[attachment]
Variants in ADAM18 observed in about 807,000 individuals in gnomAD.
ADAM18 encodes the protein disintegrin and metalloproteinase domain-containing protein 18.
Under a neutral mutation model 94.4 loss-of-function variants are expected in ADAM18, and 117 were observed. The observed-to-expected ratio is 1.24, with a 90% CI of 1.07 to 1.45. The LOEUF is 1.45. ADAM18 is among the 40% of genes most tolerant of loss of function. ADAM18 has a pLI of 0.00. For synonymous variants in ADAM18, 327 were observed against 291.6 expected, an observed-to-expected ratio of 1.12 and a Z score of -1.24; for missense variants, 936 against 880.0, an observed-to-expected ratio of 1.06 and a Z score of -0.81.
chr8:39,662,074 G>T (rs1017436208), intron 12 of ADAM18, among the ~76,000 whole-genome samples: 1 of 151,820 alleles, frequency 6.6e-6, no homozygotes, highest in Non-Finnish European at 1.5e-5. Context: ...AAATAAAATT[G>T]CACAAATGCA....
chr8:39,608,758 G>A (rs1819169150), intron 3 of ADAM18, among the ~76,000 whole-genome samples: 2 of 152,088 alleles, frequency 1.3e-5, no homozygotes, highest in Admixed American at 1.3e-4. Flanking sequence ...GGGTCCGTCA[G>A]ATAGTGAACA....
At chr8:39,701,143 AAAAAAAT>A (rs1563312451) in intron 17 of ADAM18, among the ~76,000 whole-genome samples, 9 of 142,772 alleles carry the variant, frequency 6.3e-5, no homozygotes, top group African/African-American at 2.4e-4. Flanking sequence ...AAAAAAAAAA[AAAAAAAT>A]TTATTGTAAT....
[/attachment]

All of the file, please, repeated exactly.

Variants in ADAM18 observed in about 807,000 individuals in gnomAD.
ADAM18 encodes the protein disintegrin and metalloproteinase domain-containing protein 18.
Under a neutral mutation model 94.4 loss-of-function variants are expected in ADAM18, and 117 were observed. The observed-to-expected ratio is 1.24, with a 90% CI of 1.07 to 1.45. The LOEUF is 1.45. ADAM18 is among the 40% of genes most tolerant of loss of function. ADAM18 has a pLI of 0.00. For synonymous variants in ADAM18, 327 were observed against 291.6 expected, an observed-to-expected ratio of 1.12 and a Z score of -1.24; for missense variants, 936 against 880.0, an observed-to-expected ratio of 1.06 and a Z score of -0.81.
chr8:39,662,074 G>T (rs1017436208), intron 12 of ADAM18, among the ~76,000 whole-genome samples: 1 of 151,820 alleles, frequency 6.6e-6, no homozygotes, highest in Non-Finnish European at 1.5e-5. Context: ...AAATAAAATT[G>T]CACAAATGCA....
chr8:39,608,758 G>A (rs1819169150), intron 3 of ADAM18, among the ~76,000 whole-genome samples: 2 of 152,088 alleles, frequency 1.3e-5, no homozygotes, highest in Admixed American at 1.3e-4. Flanking sequence ...GGGTCCGTCA[G>A]ATAGTGAACA....
At chr8:39,701,143 AAAAAAAT>A (rs1563312451) in intron 17 of ADAM18, among the ~76,000 whole-genome samples, 9 of 142,772 alleles carry the variant, frequency 6.3e-5, no homozygotes, top group African/African-American at 2.4e-4. Flanking sequence ...AAAAAAAAAA[AAAAAAAT>A]TTATTGTAAT....